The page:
Shedding Light on Depression

Depression is a serious, but highly treatable disease.



Illustration by Brittany Inglese

In a casual sense, many of us claim to be depressed pretty often. We say we’re “depressed” after a bad day at work, for example, or after taking in a tear jerker at the local multiplex. If we grumble excessively about feeling low, a friend or family member advises us to snap out of it already, and after a bit of distraction and attitude readjusting, we usually can.

But for the truly depressed, it’s not that easy. Depression is not a temporary downer or the result of a lousy day. It is not grief, either. It’s a persistent and lingering frame of mind that permeates every aspect of life. If a normal outlook enables us see to each day through at least somewhat hopeful, if not rose-colored, glasses, depression saddles us with dirty, gray lenses — ones that we don’t seem to be able to take off.

“Depression is a state that interferes with people’s ability to function, and makes it difficult to work, interact with family members and simply get out of bed in the morning,” says Jeanne Courtright, PhD, a clinical psychologist at LaMora Psychological Associates in Nashua. Clinically depressed people find it “difficult to do the most basic things of life on a regular basis for at least a couple of weeks, all day, every day,” Courtright says.

Typically, depressed people find that activities that once brought them joy — such as playing with their children or going for a bike ride — no longer hold any allure. They might sleep or eat significantly more or less than they used to, and lack the energy and motivation to do just about anything. A feeling of hopelessness commonly dominates their mood. They feel that they are worthless failures, and that life is meaningless and unlikely to ever feel good again, says Courtright. “And even if they themselves know that those things are not true, they feel true,” she says.

Depression can bring physical symptoms, too, such as chest pain, blood pressure changes and headaches, says Michael R. Kandle, PsyD, a licensed psychologist in Durham. As a result, “some people go to the doctor complaining of various physical symptoms without recognizing the underlying cause of depression,” Kandle says.
The origins of depression can be difficult to pinpoint, but it’s clear that biological and environmental factors can play a role. “It runs in families but it usually requires some kind of environmental or experiential trigger that will interact with a person’s predisposition to depression,” Kandle says. “It’s the interaction of nurture and nature that can cause it.”

However, not all cases of depression stem from biological underpinnings, Kandle says. The groundwork for the disease is often laid when an individual experiences some sort of loss — a divorce or a death, moving, separation from family and social connections, financial losses and pressures, the loss of a job — or any kind of significant trauma, abuse or assault. Sustained exposure to hostility, either in the workplace or at home, and stubborn relationship conflicts can also brew emotional trouble that can lead to depression, Kandle says.

In addition, hormonal changes, such as the fluctuations that occur during puberty, pregnancy and menopause can trigger depression, Courtright says, as can major illness or any significant life change — even if it’s for the better — such as a new job, marriage, retirement or setting off for college. But sometimes “depression can occur when there’s been no major change and there’s no clear identifying factor at all,” she says. Even if “everything in your life appears to be going great … it can just happen.”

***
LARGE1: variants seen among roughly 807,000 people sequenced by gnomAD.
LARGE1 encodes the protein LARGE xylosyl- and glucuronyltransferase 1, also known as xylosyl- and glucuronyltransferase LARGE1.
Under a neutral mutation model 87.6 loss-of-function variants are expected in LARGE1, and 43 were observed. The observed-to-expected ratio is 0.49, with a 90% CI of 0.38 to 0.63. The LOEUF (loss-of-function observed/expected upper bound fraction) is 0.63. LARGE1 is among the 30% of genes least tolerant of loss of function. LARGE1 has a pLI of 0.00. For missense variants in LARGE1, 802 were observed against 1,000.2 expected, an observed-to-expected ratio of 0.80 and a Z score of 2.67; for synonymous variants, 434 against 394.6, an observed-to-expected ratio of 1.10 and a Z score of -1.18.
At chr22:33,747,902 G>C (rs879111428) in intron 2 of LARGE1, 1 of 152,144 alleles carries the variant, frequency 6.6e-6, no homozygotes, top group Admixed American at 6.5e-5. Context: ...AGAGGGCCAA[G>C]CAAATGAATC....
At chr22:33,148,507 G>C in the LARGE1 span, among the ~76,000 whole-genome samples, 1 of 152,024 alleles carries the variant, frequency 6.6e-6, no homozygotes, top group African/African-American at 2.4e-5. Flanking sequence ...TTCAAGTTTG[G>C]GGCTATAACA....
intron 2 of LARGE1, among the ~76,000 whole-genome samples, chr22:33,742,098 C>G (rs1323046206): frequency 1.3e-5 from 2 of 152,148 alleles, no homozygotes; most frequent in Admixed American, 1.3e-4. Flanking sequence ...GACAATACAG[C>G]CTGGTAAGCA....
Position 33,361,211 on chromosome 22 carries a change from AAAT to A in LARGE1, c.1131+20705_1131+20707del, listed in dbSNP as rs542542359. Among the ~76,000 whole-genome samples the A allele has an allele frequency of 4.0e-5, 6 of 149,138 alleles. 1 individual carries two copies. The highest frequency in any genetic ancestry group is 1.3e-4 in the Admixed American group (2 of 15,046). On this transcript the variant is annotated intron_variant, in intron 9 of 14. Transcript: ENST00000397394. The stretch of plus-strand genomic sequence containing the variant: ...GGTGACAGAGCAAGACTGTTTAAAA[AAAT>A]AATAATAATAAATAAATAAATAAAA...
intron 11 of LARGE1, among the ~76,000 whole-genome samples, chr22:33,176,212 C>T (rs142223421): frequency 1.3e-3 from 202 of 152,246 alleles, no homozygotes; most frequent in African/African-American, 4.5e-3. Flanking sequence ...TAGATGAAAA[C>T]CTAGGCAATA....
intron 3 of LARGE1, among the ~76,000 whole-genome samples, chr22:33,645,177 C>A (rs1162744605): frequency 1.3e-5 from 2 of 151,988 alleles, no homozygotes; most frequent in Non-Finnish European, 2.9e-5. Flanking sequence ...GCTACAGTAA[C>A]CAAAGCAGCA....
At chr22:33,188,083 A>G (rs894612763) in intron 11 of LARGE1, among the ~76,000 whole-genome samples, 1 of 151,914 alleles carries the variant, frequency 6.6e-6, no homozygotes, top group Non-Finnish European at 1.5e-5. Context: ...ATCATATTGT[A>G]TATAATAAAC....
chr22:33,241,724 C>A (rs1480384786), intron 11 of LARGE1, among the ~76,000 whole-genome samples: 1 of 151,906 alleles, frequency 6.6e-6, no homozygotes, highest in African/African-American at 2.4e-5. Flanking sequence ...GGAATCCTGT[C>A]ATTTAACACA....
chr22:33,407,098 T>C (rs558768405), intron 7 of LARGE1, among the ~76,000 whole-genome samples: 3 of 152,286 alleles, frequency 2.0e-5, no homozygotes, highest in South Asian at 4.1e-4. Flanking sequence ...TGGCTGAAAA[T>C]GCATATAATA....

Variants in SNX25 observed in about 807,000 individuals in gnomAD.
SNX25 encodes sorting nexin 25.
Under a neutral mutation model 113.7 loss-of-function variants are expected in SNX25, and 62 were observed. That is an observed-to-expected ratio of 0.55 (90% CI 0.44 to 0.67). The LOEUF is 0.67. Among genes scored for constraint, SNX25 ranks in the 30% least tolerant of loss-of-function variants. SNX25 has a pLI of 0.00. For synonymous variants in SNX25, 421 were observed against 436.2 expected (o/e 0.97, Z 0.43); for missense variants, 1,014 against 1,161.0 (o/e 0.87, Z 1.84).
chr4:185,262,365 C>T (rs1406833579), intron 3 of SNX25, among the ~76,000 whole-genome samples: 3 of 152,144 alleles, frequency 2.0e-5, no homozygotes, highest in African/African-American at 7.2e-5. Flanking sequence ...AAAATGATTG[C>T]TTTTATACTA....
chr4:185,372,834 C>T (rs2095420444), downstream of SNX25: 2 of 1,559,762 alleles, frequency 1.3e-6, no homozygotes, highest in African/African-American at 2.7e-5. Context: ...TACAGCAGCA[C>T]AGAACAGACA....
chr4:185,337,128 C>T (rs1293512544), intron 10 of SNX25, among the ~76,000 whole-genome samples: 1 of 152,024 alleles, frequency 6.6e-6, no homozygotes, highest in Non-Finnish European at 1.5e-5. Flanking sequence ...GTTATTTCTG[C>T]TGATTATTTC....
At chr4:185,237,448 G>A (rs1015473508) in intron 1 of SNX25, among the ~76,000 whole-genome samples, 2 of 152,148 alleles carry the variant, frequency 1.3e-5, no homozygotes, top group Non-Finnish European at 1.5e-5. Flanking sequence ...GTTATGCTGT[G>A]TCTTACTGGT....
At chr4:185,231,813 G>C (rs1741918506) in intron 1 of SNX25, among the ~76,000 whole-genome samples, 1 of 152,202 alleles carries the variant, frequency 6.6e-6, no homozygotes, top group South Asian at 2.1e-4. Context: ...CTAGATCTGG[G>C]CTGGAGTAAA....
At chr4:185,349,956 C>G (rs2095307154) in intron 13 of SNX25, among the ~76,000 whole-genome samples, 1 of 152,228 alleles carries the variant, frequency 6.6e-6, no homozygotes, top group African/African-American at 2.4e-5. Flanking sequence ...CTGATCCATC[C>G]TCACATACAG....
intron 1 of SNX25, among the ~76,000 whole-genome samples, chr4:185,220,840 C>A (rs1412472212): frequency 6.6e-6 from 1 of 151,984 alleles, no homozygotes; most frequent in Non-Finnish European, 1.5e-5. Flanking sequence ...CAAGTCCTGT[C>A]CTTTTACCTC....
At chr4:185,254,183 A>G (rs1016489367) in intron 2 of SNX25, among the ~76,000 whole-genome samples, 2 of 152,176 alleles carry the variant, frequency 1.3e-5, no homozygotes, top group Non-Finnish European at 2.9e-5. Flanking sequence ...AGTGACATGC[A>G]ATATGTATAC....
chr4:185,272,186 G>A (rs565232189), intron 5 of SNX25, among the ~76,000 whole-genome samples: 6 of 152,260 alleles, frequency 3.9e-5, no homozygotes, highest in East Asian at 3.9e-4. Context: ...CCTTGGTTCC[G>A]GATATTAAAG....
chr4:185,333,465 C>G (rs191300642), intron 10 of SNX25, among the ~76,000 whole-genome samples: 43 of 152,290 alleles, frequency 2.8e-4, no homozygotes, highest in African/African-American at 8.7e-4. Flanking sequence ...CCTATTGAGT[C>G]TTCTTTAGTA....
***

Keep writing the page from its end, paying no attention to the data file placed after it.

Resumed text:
Fortunately, depression is a very treatable illness. Most often, patients receive a two-pronged treatment approach of medication and therapy. Therapeutic models vary, but one of the most common approaches, cognitive behavioral therapy, helps patients recognize negative thoughts and regain “a more balanced, realistic way of thinking,” Courtright says, while they “work on directly changing behaviors and self-defeating patterns.

To avoid depression in the first place, take preventive steps that fortify your emotional health, such as creating and maintaining “good emotional connections and relationships,” Kandle says. “Social connectedness with family and friends is often a good buffer to depression,” he says, whereas isolation increases our vulnerability. Try to practice good communication habits, particularly as they relate to managing conflict, and be sure to strive for equilibrium between physical and mental activity. “In this day and age, we are all absorbed by our computers and our video games and our smartphones, and we’re sitting idly in front of electronic screens, including the television,” Kandle says. “We need to stay in motion. We need adequate exercise and social interaction to maintain a healthy emotional balance.”  


Are the kids all right?

If you follow the news at all, no doubt you have heard about anti-bullying efforts in schools, and you sense the growing attentiveness to the emotional health of kids. Awareness of depression among the younger generation has grown, spurring more treatment in kids and contributing to a drop in suicide rates among youth, which “have gone down substantially in the last 20 years,” says Michael R. Kandle, PsyD, a licensed psychologist in Durham.

What can parents do to help bolster kids’ emotional health? For starters, limit electronics time—surely a bone of contention in many households—since excessive time spent engaged with a screen increases the risk of social isolation and depression, Kandle says, and kids and teens who are prone to depression are particularly likely to “escape into these virtual worlds more and more because they’re so safe and entertaining and fascinating,” he says.

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